10 Dec

Building Supportable Systems (Log Management)

Following on from my previous post about logging this one will go a bit deeper into the logging story. There’s a fine line between too much and too little when it comes to logging. On the one hand you don’t want to skip logging something that might make it easier to diagnose a problem later one and on the other hand you don’t want to create so many verbose log entries that you just can’t find the information you need.

There are a number of options here such as manually searching for text strings in the log, through to expensive log aggregation software or services like Splunk, Logrhythm, etc. My personal favourite is a product called Seq. It’s a commercial product, but for single-user use on your local dev environment it’s free.


Seq is a windows service application which listens for log entries and stores them in a high-performance data store. The log entries can then be sorted, filtered and added to a dashboard as the user sees fit. The great advantage of Seq is that you can obtain a commercial license and centralise your logs for easier analysis of aggregated data. It’s not a “big data” log archival system like Splunk, so evaluate what you’re trying to achieve with the tool before throwing all your eggs into the basket.

One super-awesome-great thing about Seq is that there’s a log4net target available which will take your existing application’s log4net logging output and push it into a Seq server. This is great for those situations where you just want to get the logs into a manageable UI or you don’t have the time to replace your logging framework.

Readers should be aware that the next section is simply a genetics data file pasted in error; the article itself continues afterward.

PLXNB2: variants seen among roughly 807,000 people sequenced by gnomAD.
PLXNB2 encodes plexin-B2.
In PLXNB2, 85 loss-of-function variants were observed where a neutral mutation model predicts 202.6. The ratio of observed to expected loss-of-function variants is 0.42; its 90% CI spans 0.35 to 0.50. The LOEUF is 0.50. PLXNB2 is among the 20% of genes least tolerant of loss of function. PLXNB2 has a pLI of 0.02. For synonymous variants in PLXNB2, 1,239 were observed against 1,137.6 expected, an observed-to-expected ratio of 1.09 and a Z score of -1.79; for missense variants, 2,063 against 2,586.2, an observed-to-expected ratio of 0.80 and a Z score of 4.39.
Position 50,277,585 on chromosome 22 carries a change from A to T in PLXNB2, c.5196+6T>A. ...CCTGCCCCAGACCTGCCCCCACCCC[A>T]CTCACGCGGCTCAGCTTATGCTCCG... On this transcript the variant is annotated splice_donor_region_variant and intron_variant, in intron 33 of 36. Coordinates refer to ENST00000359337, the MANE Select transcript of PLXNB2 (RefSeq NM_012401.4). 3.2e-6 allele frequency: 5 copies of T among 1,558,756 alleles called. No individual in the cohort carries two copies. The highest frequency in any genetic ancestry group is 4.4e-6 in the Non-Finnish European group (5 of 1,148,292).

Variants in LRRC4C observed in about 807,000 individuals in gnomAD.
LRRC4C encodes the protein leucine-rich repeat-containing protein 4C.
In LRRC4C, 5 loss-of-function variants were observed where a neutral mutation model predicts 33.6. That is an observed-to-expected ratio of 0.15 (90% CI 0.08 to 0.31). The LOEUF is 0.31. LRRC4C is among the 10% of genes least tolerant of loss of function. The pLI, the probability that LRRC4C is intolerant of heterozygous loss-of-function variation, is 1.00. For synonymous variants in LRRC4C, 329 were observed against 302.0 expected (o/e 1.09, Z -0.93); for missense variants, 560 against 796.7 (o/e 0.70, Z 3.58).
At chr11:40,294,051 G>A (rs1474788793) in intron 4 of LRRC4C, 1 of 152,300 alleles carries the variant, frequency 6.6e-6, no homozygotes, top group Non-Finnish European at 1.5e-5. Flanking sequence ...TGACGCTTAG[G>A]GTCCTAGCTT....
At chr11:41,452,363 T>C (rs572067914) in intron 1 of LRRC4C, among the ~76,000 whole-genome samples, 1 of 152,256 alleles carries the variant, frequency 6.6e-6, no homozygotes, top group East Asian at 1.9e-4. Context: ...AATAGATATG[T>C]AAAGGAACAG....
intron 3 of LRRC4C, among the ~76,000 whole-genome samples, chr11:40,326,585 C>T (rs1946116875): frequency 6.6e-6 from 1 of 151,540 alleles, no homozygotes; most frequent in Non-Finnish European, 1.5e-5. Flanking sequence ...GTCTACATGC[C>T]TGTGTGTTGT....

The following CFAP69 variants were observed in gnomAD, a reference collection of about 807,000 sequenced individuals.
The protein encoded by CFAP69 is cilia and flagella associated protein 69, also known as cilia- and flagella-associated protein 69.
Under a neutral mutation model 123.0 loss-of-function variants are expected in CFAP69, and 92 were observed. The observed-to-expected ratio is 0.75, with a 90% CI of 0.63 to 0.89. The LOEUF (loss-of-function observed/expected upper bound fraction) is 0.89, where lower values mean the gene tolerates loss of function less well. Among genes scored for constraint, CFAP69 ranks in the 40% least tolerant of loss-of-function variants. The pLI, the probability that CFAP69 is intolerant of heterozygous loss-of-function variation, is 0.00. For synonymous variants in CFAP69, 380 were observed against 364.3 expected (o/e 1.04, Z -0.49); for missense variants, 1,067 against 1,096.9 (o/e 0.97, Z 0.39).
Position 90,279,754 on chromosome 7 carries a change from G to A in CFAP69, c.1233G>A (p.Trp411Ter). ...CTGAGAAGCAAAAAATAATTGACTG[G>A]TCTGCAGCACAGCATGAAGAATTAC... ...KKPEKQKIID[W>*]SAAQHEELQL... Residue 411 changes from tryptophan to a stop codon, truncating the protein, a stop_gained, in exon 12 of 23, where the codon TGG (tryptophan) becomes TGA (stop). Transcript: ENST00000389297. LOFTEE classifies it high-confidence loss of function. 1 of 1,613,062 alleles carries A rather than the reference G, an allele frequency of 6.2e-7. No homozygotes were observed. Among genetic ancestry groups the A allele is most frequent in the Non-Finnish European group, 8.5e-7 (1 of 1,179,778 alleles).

However, to get the greatest benefit out of Seq you need to use it with Serilog. Serilog (covered in one of my previous posts) is a structured logging framework. This means that it can log more than just lines of text, it can log meaningful object data. This data can later be filtered in Seq by using a LINQ-like query syntax.

Log.Logger = new LoggerConfiguration()
.Enrich.WithProperty("ComputerName", System.Net.Dns.GetHostName())

using (LogContext.PushProperty("CorrelationId", Guid.NewGuid()))
  Log.Information("Processed order {@order}", order);

In the sample above Serilog will actually log some additional properties along with each log entry. It will add the Computer Name and a CorrelationId (which I’m just making a random Guid for fun). The advantage of this is that any action or logging that occurs within the scoped LogContext will have a traceable CorrelationId attached, and all logs related to this action can be filtered easily.

The other thing that will happen with the above code is that the “{@order}” format string will be automatically serialised at the time of logging and the properties of the order object will be available to be viewed, queried or filtered.

There’s plenty of good documentation on the the Seq website at http://getseq.net/. It’s well worth taking the time to download it and have a play with it alongside Serilog.

Other Options

There are plenty of other log management and aggregation tools and services. Things like Elastic Search, New Relic, LogEntries and Splunk are worth looking into for log archival, large volumes, or cloud services.